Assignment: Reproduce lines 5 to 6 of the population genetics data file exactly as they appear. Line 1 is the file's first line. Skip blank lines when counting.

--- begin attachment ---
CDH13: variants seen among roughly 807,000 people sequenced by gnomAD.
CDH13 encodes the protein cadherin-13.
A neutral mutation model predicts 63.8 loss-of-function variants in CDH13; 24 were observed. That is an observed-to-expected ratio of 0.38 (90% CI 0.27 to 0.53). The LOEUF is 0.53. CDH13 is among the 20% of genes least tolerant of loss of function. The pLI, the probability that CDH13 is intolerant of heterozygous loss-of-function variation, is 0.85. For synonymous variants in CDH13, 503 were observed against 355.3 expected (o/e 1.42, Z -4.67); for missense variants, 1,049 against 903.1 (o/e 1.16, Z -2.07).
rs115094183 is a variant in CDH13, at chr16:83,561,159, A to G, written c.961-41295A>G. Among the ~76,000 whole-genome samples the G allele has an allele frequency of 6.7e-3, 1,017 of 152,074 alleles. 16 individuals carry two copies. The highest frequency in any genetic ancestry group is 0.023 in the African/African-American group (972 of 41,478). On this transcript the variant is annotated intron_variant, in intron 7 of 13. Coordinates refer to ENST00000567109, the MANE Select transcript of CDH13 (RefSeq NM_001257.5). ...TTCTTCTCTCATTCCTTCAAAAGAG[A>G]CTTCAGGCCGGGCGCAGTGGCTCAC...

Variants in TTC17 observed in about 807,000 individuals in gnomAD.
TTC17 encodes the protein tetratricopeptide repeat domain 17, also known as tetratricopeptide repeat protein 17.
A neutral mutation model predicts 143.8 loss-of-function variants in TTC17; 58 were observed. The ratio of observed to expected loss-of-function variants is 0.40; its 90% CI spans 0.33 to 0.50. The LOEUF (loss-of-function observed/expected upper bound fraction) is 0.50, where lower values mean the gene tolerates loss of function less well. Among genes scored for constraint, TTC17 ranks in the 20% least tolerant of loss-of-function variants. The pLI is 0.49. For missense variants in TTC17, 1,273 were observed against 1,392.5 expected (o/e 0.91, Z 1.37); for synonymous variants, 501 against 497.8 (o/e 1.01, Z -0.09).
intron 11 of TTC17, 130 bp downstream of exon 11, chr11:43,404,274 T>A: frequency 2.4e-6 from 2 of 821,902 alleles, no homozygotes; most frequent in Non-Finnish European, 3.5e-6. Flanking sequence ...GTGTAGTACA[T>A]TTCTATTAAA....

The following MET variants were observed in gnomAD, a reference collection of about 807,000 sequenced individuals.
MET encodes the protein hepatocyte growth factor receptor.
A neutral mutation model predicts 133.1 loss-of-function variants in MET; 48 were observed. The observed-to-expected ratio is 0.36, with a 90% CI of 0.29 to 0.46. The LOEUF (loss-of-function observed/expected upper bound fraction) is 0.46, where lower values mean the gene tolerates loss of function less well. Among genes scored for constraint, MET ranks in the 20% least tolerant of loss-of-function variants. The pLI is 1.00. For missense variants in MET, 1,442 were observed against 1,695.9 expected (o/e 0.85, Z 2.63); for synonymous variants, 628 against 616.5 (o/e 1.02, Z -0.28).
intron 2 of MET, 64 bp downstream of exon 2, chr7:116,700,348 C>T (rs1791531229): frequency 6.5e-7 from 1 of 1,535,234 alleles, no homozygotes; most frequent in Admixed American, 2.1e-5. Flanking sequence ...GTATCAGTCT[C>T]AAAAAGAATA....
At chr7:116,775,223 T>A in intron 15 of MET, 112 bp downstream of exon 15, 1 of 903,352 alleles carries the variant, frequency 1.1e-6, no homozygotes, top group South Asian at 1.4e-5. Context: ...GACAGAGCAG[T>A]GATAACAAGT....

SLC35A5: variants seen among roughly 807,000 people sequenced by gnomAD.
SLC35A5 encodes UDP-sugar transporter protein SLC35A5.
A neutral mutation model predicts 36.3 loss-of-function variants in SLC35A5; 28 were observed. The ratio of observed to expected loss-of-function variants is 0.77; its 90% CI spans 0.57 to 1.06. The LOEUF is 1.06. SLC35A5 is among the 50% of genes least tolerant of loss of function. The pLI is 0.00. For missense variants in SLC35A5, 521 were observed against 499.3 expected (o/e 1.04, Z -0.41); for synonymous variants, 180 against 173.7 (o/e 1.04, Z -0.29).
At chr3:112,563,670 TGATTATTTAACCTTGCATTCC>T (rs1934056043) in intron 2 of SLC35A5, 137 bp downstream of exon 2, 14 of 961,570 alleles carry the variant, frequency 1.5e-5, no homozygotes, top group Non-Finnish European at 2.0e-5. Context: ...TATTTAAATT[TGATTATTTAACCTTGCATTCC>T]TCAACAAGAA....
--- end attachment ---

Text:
Variants in TTC17 observed in about 807,000 individuals in gnomAD.
TTC17 encodes the protein tetratricopeptide repeat domain 17, also known as tetratricopeptide repeat protein 17.